0
$\begingroup$

I ran into an interview two days ago and came across one strange definition of safe edge.

We are given an undirected weighted Graph $G = (V,E)$ with all distinct edge weights. Assume that the graph is connected.

Safe Edge Definition: if an edge $e \in E$ is not contained in any cycle, we called it a safe edge

Following is a theorem based on the above definition.

Theorem: All the safe edges must be in Minimum Spanning Tree (MST).

Please compare the definition of a "safe edge" on this interview with the classical definition of safe edge at all courses like here: MAIN SAFE EDGE THEOREM.

$\endgroup$
1
  • 2
    $\begingroup$ Please do not delete your question after you have already received an answer. Part of our mission is to build up an archive of high-quality questions and answers that will be useful not only to you but also to others in the future. Deleting it after you have already received answers is not fair to answerers. See cs.stackexchange.com/help/…. $\endgroup$
    – D.W.
    Jan 11 at 22:35
5
$\begingroup$

They are two different definitions. The interview definition calls a safe edge one that is not part of any cycle and therefore cannot be removed from $G$ without disconnecting it, thus changing the resulting MST. Notice that this definition depends solely on the chosen edge and on $G$. Notice also that it does not depend on the edge weights in any way.

The definition in the notes defines a safe edge $e$ as one that can safely be added to a subgraph $A$ of $G$ so that $A + e$ is a partial MST of $G$. In this case $A$ is probably thought to already be a partial MST of $G$, since otherwise no edge would be safe, although this is not formally required. Notice that this definition depends on the particular choice of $A$ and on the edge weights of $G$.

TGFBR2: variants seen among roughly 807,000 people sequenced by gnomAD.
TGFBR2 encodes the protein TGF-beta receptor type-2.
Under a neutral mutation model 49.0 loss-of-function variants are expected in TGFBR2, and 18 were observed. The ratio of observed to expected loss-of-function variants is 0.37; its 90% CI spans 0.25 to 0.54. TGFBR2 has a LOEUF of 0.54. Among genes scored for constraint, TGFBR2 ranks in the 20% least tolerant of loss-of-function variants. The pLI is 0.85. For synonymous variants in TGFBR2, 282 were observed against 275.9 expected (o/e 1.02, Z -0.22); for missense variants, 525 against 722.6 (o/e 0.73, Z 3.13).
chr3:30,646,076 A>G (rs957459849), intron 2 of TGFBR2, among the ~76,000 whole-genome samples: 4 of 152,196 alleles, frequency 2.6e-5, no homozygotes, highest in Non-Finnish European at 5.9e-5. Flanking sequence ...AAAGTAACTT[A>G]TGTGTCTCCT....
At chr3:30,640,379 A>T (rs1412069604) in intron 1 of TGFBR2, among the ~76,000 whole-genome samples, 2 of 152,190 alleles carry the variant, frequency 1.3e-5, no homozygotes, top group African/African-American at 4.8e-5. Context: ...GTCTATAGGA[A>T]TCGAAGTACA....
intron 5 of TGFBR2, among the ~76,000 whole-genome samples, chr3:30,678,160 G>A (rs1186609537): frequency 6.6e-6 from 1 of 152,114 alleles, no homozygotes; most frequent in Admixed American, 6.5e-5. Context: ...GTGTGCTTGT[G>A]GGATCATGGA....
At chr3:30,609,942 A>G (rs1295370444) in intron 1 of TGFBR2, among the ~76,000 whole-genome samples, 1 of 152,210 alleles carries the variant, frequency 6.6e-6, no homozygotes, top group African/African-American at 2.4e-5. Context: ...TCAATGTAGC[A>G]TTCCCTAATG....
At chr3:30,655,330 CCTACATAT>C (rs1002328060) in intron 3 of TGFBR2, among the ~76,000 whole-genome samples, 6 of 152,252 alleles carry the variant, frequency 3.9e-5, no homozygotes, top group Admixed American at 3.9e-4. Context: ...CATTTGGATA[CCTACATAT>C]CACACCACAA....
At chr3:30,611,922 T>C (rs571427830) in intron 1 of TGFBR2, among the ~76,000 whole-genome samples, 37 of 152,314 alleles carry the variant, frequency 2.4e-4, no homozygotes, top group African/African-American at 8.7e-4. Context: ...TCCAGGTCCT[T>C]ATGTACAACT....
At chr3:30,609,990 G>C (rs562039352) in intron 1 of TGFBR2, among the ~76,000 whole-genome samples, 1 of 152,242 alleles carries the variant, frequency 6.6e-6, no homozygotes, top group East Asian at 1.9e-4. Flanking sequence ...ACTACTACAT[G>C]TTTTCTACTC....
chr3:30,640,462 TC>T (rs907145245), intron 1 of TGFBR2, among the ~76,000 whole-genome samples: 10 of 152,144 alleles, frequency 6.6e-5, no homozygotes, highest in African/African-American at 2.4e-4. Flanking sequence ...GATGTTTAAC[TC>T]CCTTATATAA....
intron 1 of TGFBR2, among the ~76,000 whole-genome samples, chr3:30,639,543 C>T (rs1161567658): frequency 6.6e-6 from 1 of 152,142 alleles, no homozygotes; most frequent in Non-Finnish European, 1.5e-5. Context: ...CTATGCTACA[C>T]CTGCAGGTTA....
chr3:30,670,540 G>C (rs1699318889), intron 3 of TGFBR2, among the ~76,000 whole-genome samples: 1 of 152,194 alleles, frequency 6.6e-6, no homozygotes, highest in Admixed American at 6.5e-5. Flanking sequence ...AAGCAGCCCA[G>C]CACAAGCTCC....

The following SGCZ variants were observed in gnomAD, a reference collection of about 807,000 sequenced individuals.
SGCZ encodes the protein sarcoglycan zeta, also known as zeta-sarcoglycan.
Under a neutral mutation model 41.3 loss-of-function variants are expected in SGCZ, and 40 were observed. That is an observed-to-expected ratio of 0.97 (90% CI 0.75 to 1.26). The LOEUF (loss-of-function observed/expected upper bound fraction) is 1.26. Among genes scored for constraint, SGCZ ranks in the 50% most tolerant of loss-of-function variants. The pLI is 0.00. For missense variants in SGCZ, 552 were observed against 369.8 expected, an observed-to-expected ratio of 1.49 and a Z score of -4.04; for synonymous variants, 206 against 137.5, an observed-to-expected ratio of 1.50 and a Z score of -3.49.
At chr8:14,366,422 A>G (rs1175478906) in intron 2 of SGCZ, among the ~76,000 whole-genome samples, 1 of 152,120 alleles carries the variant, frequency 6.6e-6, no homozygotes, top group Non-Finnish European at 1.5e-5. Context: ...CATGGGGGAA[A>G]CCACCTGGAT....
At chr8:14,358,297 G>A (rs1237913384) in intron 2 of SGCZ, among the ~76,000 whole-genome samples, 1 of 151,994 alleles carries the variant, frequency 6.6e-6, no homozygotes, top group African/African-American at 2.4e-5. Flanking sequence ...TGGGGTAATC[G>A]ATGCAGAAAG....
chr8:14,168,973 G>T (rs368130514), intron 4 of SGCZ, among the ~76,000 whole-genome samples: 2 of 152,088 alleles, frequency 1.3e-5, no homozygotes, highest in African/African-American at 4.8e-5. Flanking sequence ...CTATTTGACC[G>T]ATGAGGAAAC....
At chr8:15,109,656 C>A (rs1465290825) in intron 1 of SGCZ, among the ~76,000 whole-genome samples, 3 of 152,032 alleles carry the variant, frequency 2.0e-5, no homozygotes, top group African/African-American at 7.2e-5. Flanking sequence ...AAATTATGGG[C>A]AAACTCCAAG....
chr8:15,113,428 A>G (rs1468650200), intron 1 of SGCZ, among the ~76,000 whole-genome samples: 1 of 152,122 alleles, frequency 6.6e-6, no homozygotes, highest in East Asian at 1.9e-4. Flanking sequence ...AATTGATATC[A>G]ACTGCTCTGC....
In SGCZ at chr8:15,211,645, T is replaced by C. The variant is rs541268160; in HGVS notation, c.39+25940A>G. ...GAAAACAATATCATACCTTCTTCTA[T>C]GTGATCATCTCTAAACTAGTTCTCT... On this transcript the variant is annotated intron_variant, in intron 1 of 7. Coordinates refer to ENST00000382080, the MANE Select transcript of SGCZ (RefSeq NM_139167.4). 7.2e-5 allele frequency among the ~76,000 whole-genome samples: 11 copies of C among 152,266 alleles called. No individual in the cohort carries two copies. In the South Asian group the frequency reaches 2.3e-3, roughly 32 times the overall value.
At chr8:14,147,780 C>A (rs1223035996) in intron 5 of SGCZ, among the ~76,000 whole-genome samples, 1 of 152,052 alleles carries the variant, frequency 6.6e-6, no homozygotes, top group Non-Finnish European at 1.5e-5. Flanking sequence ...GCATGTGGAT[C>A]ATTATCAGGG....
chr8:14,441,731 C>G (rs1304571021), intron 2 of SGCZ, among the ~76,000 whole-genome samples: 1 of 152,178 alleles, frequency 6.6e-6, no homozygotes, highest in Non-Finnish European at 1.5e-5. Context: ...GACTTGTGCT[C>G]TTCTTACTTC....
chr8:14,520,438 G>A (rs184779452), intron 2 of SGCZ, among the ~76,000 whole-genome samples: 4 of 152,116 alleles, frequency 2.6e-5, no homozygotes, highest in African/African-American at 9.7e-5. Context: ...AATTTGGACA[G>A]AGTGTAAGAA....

As an example, let $G$ be a cycle on $n$ nodes, where the $n$ edges have weights $1, \dots, n$. None of these edges is safe according to the interview definition. If $A$ is the empty graph then all edges except for the one of weight $n$ are safe w.r.t. the definition in the notes. If $A$ is the subgraph containing the edge of weight $n$ then no edge is safe w.r.t. the definition in the notes.

$\endgroup$
2
  • $\begingroup$ Yes, the interview definition is defining bridges, or cut-edges. And yes, all bridges of a graph $G$ must belong to all MSTs of $G$. $\endgroup$
    – Steven
    Jan 11 at 20:46
  • $\begingroup$ I noticed that in a previous edit you were asking for a proof. Let $e=(u,v)$ be an edge of $G$. If there is a MST $T$ of $G$ such $e \not\in T$, then let $P$ the (unique) simple path from $u$ to $v$ in $T$. $P+e$ is a cycle in $G$, showing that $e$ cannot be a cut-edge. In other words $e \not\in T \implies \mbox{$e$ is not a cut edge}$. Taking the contrapositive statement: $\mbox{$e$ is a cut edge} \implies e \in T$. $\endgroup$
    – Steven
    Jan 11 at 21:08

Your Answer

By clicking “Post Your Answer”, you agree to our terms of service, privacy policy and cookie policy

Not the answer you're looking for? Browse other questions tagged or ask your own question.